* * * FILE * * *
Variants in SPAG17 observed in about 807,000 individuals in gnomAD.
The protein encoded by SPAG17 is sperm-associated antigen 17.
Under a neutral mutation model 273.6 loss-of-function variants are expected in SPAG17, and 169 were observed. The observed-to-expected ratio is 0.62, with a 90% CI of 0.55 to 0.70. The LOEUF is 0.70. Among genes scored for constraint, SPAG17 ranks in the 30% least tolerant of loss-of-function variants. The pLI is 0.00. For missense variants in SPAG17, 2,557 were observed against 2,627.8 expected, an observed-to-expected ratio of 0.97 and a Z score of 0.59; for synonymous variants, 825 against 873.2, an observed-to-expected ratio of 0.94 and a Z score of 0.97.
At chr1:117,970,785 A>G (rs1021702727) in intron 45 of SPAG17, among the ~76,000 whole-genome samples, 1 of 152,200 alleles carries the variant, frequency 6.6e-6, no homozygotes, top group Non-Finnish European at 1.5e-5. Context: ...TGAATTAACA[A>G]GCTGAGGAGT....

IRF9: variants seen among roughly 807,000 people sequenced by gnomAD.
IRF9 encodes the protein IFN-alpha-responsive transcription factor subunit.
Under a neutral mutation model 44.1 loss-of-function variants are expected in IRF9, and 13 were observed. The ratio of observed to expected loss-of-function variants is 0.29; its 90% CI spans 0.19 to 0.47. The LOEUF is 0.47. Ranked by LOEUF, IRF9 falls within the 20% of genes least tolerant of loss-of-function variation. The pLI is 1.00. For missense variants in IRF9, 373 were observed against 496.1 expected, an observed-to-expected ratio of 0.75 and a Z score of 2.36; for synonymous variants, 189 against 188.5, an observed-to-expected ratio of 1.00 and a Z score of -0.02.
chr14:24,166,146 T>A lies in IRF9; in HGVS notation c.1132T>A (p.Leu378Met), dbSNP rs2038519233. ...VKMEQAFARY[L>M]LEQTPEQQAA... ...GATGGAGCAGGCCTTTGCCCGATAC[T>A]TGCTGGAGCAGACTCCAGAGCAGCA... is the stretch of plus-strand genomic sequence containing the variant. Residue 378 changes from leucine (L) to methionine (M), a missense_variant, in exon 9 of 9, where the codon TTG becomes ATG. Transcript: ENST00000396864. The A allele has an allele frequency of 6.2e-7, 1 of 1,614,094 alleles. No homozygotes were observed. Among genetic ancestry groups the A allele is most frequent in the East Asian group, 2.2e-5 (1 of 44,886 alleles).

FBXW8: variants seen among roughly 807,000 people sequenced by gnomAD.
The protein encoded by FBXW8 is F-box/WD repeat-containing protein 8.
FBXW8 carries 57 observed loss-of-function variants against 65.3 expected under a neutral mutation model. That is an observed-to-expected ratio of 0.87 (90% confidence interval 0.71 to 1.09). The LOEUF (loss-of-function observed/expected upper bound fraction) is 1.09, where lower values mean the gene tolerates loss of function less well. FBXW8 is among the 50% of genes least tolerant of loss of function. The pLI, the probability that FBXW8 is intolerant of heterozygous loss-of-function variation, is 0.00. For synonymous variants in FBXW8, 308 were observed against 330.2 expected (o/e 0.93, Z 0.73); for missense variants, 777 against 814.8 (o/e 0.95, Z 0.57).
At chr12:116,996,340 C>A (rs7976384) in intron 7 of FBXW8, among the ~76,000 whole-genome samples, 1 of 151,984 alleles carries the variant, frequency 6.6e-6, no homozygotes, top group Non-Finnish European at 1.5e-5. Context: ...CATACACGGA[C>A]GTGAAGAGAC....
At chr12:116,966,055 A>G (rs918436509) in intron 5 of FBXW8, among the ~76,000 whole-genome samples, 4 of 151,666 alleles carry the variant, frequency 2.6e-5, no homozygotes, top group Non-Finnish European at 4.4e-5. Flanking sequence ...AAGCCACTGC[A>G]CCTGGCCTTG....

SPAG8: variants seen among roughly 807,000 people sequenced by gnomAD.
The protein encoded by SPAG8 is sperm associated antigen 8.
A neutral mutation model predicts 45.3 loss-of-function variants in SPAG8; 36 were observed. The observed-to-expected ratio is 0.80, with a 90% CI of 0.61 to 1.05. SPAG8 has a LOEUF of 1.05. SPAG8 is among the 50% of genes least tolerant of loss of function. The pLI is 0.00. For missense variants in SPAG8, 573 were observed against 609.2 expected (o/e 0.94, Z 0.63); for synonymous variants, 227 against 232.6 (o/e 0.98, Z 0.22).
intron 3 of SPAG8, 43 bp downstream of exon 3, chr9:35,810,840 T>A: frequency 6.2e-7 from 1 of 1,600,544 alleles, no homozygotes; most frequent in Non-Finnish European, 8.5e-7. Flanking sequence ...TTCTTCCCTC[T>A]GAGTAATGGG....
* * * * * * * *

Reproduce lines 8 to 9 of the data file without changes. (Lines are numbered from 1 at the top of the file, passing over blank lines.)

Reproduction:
chr14:24,166,146 T>A lies in IRF9; in HGVS notation c.1132T>A (p.Leu378Met), dbSNP rs2038519233. ...VKMEQAFARY[L>M]LEQTPEQQAA... ...GATGGAGCAGGCCTTTGCCCGATAC[T>A]TGCTGGAGCAGACTCCAGAGCAGCA... is the stretch of plus-strand genomic sequence containing the variant. Residue 378 changes from leucine (L) to methionine (M), a missense_variant, in exon 9 of 9, where the codon TTG becomes ATG. Transcript: ENST00000396864. The A allele has an allele frequency of 6.2e-7, 1 of 1,614,094 alleles. No homozygotes were observed. Among genetic ancestry groups the A allele is most frequent in the East Asian group, 2.2e-5 (1 of 44,886 alleles).

FBXW8: variants seen among roughly 807,000 people sequenced by gnomAD.